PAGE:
Why It's Still a Good Idea to Bake an Easter Ham This Year
Though you're not hosting a big Easter dinner, there are practical and delicious reasons to buy your usual Easter ham.
Let's face it: Easter is going to be a little different this year. Friends and relatives won't be able join us around the table to celebrate together as usual, and those who usually attend religious services will have to mark the holiday at home. But there's one thing you can do to bring at least a little bit of traditional comfort to the day: bake a ham. It sounds a little crazy, but we're here to convince you that you should still cook your usual holiday entrée. Why? Because it's easy to make, it freezes beautifully, and it's one of the most versatile foods to repurpose—you'll use those leftovers in everything from sandwiches to soup. Whether you buy the same size ham you've purchased in the past or scale down to a half or quarter size, you'll find there are many ways to use and enjoy the meat that your family can't finish on Easter Sunday.
It's So Easy to Prepare
A city ham, the type of ham found in the supermarket meat section, is already cooked; that means "baking" a ham is really as simple as just heating it up. If you're willing to put in a bit more effort, you can upgrade yours by studding the exterior with a few cloves before you place it in the oven, or you can brush it with a little glaze near the end of cooking.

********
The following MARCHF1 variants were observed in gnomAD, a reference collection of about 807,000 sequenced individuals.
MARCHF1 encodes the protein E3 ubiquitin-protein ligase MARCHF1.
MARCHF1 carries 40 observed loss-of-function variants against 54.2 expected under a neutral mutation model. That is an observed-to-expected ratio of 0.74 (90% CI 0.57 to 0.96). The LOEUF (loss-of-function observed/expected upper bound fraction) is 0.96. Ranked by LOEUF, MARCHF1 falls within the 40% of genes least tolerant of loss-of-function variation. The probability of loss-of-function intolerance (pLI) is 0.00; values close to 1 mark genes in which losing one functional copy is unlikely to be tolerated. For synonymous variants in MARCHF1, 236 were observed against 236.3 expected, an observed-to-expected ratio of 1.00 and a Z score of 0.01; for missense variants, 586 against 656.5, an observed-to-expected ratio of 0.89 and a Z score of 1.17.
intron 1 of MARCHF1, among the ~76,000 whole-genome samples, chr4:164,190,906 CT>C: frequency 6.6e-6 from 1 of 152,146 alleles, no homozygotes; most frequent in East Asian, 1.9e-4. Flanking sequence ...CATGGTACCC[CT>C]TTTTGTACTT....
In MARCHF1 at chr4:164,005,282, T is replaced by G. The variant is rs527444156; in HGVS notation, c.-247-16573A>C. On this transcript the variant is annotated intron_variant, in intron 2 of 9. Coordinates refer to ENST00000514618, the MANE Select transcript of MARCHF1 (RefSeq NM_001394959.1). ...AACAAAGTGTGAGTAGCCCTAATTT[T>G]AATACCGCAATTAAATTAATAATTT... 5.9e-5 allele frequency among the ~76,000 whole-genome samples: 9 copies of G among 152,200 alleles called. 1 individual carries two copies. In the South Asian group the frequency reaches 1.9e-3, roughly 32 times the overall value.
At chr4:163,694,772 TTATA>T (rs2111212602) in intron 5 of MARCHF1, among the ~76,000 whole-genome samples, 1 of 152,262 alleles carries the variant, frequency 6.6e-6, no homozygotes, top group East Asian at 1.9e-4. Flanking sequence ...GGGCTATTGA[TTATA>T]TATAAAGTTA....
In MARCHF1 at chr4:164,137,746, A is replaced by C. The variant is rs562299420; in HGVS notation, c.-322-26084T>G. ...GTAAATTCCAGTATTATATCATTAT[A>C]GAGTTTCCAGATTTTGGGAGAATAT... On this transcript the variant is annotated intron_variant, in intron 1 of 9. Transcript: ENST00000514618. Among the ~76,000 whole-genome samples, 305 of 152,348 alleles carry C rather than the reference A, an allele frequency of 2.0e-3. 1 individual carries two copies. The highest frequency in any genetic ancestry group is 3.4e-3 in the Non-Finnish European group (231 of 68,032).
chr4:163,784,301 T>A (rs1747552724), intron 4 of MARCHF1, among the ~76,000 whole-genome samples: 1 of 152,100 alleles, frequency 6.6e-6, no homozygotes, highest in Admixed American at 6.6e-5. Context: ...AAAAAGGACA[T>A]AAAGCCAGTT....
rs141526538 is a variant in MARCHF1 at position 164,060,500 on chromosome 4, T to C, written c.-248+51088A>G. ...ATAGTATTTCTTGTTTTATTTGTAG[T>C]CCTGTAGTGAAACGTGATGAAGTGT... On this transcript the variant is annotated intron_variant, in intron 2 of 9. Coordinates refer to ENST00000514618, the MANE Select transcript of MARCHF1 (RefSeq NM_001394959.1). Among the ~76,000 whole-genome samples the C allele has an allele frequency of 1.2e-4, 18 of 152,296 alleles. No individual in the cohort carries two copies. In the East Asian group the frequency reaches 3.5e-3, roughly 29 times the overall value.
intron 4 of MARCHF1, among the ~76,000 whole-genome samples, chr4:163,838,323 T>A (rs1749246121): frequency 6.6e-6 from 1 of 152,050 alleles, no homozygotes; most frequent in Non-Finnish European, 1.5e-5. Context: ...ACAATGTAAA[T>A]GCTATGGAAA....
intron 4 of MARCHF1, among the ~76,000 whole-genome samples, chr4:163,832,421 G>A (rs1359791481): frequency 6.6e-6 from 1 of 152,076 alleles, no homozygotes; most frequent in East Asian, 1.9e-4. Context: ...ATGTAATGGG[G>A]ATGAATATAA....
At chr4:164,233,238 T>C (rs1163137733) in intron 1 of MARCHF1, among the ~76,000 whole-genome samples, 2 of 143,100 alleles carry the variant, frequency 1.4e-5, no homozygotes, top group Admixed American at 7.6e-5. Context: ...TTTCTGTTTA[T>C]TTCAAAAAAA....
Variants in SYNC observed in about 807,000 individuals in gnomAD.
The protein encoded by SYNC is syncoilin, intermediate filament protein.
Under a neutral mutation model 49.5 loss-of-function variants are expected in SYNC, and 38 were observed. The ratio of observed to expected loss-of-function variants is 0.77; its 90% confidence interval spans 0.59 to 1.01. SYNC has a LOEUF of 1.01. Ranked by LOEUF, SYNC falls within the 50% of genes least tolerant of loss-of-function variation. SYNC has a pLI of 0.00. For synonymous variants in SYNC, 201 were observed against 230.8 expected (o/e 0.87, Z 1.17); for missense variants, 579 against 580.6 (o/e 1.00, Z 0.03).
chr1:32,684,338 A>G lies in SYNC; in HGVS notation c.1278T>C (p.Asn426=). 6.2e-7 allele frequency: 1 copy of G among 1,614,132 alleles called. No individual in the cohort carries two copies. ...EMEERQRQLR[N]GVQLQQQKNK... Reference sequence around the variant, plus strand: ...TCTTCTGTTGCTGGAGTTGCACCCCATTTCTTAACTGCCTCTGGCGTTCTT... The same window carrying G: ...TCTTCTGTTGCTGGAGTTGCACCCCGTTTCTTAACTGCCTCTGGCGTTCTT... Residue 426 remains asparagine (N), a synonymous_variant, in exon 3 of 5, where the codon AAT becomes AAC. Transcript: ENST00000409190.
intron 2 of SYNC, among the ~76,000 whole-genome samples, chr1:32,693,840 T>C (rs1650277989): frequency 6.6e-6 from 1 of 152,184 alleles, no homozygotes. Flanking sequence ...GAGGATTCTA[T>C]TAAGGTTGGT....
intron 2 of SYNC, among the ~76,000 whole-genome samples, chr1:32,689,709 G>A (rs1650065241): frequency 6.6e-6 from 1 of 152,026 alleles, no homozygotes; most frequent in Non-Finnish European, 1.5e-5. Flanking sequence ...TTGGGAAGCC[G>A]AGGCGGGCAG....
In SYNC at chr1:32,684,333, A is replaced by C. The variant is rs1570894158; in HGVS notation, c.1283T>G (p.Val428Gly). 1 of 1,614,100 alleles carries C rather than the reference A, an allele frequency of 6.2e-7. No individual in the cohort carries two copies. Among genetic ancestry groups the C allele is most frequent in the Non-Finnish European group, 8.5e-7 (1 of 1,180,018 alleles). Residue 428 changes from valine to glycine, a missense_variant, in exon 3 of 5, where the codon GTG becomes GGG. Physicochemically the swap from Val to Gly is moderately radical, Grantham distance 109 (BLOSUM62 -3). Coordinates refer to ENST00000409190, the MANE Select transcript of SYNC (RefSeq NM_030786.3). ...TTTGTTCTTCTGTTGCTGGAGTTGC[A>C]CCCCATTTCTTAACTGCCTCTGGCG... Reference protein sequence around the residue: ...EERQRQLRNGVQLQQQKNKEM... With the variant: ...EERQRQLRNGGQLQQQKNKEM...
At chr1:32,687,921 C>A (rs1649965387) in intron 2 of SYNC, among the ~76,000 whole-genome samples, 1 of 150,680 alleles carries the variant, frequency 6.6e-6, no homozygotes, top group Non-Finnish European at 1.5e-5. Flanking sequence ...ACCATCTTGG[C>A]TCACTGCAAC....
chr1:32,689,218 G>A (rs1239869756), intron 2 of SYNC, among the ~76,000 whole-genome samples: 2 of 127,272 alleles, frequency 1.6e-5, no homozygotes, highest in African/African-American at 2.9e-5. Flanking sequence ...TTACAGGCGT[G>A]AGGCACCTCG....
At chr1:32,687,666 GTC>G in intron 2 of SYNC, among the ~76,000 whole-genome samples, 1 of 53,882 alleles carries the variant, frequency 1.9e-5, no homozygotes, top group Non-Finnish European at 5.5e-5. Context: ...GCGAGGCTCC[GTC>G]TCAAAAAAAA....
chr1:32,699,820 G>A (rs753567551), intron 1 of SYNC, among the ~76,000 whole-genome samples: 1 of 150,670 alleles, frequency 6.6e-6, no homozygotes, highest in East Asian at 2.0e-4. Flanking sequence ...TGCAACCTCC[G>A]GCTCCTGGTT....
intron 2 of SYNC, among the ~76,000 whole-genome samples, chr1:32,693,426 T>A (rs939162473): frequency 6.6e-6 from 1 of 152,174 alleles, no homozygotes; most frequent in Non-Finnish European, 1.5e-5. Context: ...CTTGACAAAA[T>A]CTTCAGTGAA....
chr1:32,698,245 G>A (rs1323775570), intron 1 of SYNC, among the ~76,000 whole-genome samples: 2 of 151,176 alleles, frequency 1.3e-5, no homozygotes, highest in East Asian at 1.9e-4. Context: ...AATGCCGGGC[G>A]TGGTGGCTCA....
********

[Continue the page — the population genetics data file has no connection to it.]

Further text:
You Can Freeze It
We're going to let you in on a great secret: Baked ham freezes beautifully. Once you've cooked the ham and let it cool down, slice it up and portion it out. Refrigerate some and pop the rest in freezer bags and freeze for up to four months.
You'll Be in Leftover Heaven
In these days of social distancing and eating at home, batch cooking is everything. And one ham equals one giant batch of meat. Try to think outside the sandwiches box (but by all means make a few—with mustard, sliced cheese, and pickles). Make a western omelet with leftover diced ham, red peppers, and onion. If you want to get fancy with your eggs, how whipping up a ham and cheese quiche? If you are making a batch of mac and cheese, mix in some ham before it goes into the oven. And for lunch, how about a hearty salad with ham, marinated artichokes, and pretty much any vegetables you've got left over from the last few days?
Whatever you do, don't forget about that magical bone. It will turn any ordinary split pea soup or white bean stew into something special.